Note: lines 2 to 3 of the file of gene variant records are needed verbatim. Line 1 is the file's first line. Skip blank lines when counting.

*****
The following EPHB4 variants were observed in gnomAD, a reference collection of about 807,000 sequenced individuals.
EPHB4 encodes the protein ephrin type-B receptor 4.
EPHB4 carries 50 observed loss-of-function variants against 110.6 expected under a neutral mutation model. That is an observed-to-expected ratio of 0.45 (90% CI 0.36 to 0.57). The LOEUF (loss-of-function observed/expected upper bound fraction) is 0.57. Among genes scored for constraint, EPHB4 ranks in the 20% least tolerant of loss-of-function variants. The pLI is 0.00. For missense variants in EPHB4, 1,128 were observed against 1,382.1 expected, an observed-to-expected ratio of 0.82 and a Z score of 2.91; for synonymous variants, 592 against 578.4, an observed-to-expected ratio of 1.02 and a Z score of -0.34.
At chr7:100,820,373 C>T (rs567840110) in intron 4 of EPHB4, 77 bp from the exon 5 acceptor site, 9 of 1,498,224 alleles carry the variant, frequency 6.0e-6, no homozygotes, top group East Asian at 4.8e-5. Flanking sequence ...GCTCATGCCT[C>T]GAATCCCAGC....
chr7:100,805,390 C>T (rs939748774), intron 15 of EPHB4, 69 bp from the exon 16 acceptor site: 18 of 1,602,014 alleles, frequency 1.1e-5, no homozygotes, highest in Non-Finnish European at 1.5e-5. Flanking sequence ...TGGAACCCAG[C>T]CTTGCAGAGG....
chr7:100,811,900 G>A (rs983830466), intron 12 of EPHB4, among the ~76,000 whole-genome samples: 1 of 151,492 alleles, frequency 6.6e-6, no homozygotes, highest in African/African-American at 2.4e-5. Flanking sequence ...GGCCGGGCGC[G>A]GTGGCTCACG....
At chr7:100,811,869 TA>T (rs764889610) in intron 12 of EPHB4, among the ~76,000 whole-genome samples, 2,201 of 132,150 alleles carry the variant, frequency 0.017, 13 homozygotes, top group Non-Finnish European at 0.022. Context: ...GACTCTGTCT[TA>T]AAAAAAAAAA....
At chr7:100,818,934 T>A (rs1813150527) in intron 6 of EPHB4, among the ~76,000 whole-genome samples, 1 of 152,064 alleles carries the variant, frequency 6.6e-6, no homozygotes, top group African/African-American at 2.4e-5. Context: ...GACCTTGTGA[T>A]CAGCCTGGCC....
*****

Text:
EPHB4 encodes the protein ephrin type-B receptor 4.
EPHB4 carries 50 observed loss-of-function variants against 110.6 expected under a neutral mutation model. That is an observed-to-expected ratio of 0.45 (90% CI 0.36 to 0.57). The LOEUF (loss-of-function observed/expected upper bound fraction) is 0.57. Among genes scored for constraint, EPHB4 ranks in the 20% least tolerant of loss-of-function variants. The pLI is 0.00. For missense variants in EPHB4, 1,128 were observed against 1,382.1 expected, an observed-to-expected ratio of 0.82 and a Z score of 2.91; for synonymous variants, 592 against 578.4, an observed-to-expected ratio of 1.02 and a Z score of -0.34.